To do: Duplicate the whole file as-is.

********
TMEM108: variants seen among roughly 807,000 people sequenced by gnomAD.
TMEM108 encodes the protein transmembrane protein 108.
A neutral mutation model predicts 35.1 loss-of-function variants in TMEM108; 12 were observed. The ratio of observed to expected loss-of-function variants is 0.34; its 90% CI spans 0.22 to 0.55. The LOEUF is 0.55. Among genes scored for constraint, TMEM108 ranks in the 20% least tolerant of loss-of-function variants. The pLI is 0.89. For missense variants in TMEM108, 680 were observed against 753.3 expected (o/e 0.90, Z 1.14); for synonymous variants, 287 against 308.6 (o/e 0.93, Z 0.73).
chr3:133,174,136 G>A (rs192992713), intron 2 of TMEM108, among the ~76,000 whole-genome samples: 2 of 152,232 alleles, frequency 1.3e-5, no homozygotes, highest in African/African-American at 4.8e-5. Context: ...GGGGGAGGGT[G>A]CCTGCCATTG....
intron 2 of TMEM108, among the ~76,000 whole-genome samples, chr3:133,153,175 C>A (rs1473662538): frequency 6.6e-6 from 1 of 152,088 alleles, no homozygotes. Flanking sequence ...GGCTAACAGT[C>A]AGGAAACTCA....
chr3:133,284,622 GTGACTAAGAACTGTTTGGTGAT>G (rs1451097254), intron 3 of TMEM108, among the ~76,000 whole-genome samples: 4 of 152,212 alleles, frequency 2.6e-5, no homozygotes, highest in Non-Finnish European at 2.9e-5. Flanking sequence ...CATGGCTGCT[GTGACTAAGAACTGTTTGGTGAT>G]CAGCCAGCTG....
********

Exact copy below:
TMEM108: variants seen among roughly 807,000 people sequenced by gnomAD.
TMEM108 encodes the protein transmembrane protein 108.
A neutral mutation model predicts 35.1 loss-of-function variants in TMEM108; 12 were observed. The ratio of observed to expected loss-of-function variants is 0.34; its 90% CI spans 0.22 to 0.55. The LOEUF is 0.55. Among genes scored for constraint, TMEM108 ranks in the 20% least tolerant of loss-of-function variants. The pLI is 0.89. For missense variants in TMEM108, 680 were observed against 753.3 expected (o/e 0.90, Z 1.14); for synonymous variants, 287 against 308.6 (o/e 0.93, Z 0.73).
chr3:133,174,136 G>A (rs192992713), intron 2 of TMEM108, among the ~76,000 whole-genome samples: 2 of 152,232 alleles, frequency 1.3e-5, no homozygotes, highest in African/African-American at 4.8e-5. Context: ...GGGGGAGGGT[G>A]CCTGCCATTG....
intron 2 of TMEM108, among the ~76,000 whole-genome samples, chr3:133,153,175 C>A (rs1473662538): frequency 6.6e-6 from 1 of 152,088 alleles, no homozygotes. Flanking sequence ...GGCTAACAGT[C>A]AGGAAACTCA....
chr3:133,284,622 GTGACTAAGAACTGTTTGGTGAT>G (rs1451097254), intron 3 of TMEM108, among the ~76,000 whole-genome samples: 4 of 152,212 alleles, frequency 2.6e-5, no homozygotes, highest in Non-Finnish European at 2.9e-5. Flanking sequence ...CATGGCTGCT[GTGACTAAGAACTGTTTGGTGAT>G]CAGCCAGCTG....